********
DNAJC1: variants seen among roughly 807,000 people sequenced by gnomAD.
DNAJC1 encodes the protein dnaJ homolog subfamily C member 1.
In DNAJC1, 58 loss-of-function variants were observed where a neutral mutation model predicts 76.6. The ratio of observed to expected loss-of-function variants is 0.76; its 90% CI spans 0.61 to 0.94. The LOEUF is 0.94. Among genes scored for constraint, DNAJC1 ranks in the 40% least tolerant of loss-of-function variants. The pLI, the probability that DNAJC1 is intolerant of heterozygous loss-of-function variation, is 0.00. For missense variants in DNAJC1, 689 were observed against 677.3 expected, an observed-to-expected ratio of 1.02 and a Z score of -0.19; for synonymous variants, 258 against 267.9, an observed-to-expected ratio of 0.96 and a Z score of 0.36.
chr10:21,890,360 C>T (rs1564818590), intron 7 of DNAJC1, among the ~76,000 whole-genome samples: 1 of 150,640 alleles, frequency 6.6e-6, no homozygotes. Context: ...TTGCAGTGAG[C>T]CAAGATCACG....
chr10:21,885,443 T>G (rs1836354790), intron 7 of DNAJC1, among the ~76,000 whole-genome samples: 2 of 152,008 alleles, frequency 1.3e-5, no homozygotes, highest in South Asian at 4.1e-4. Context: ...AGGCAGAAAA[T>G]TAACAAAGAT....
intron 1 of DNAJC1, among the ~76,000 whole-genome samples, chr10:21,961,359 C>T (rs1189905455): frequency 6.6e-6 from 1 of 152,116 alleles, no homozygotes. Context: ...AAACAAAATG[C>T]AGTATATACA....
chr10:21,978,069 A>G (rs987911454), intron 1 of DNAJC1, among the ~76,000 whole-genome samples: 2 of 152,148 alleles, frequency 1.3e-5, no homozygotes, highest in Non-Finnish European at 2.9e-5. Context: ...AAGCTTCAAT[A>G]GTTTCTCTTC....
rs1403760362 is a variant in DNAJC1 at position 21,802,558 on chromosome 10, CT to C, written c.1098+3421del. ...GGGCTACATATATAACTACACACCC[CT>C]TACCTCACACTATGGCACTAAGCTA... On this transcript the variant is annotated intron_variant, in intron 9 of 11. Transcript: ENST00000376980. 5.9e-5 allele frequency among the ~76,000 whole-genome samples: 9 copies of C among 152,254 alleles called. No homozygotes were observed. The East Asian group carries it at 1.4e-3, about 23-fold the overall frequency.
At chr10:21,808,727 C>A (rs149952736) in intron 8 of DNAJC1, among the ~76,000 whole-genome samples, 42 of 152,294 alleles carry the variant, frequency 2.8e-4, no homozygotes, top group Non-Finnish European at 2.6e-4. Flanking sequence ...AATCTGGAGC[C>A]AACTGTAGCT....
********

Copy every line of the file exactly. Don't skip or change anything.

DNAJC1: variants seen among roughly 807,000 people sequenced by gnomAD.
DNAJC1 encodes the protein dnaJ homolog subfamily C member 1.
In DNAJC1, 58 loss-of-function variants were observed where a neutral mutation model predicts 76.6. The ratio of observed to expected loss-of-function variants is 0.76; its 90% CI spans 0.61 to 0.94. The LOEUF is 0.94. Among genes scored for constraint, DNAJC1 ranks in the 40% least tolerant of loss-of-function variants. The pLI, the probability that DNAJC1 is intolerant of heterozygous loss-of-function variation, is 0.00. For missense variants in DNAJC1, 689 were observed against 677.3 expected, an observed-to-expected ratio of 1.02 and a Z score of -0.19; for synonymous variants, 258 against 267.9, an observed-to-expected ratio of 0.96 and a Z score of 0.36.
chr10:21,890,360 C>T (rs1564818590), intron 7 of DNAJC1, among the ~76,000 whole-genome samples: 1 of 150,640 alleles, frequency 6.6e-6, no homozygotes. Context: ...TTGCAGTGAG[C>T]CAAGATCACG....
chr10:21,885,443 T>G (rs1836354790), intron 7 of DNAJC1, among the ~76,000 whole-genome samples: 2 of 152,008 alleles, frequency 1.3e-5, no homozygotes, highest in South Asian at 4.1e-4. Context: ...AGGCAGAAAA[T>G]TAACAAAGAT....
intron 1 of DNAJC1, among the ~76,000 whole-genome samples, chr10:21,961,359 C>T (rs1189905455): frequency 6.6e-6 from 1 of 152,116 alleles, no homozygotes. Context: ...AAACAAAATG[C>T]AGTATATACA....
chr10:21,978,069 A>G (rs987911454), intron 1 of DNAJC1, among the ~76,000 whole-genome samples: 2 of 152,148 alleles, frequency 1.3e-5, no homozygotes, highest in Non-Finnish European at 2.9e-5. Context: ...AAGCTTCAAT[A>G]GTTTCTCTTC....
rs1403760362 is a variant in DNAJC1 at position 21,802,558 on chromosome 10, CT to C, written c.1098+3421del. ...GGGCTACATATATAACTACACACCC[CT>C]TACCTCACACTATGGCACTAAGCTA... On this transcript the variant is annotated intron_variant, in intron 9 of 11. Transcript: ENST00000376980. 5.9e-5 allele frequency among the ~76,000 whole-genome samples: 9 copies of C among 152,254 alleles called. No homozygotes were observed. The East Asian group carries it at 1.4e-3, about 23-fold the overall frequency.
At chr10:21,808,727 C>A (rs149952736) in intron 8 of DNAJC1, among the ~76,000 whole-genome samples, 42 of 152,294 alleles carry the variant, frequency 2.8e-4, no homozygotes, top group Non-Finnish European at 2.6e-4. Flanking sequence ...AATCTGGAGC[C>A]AACTGTAGCT....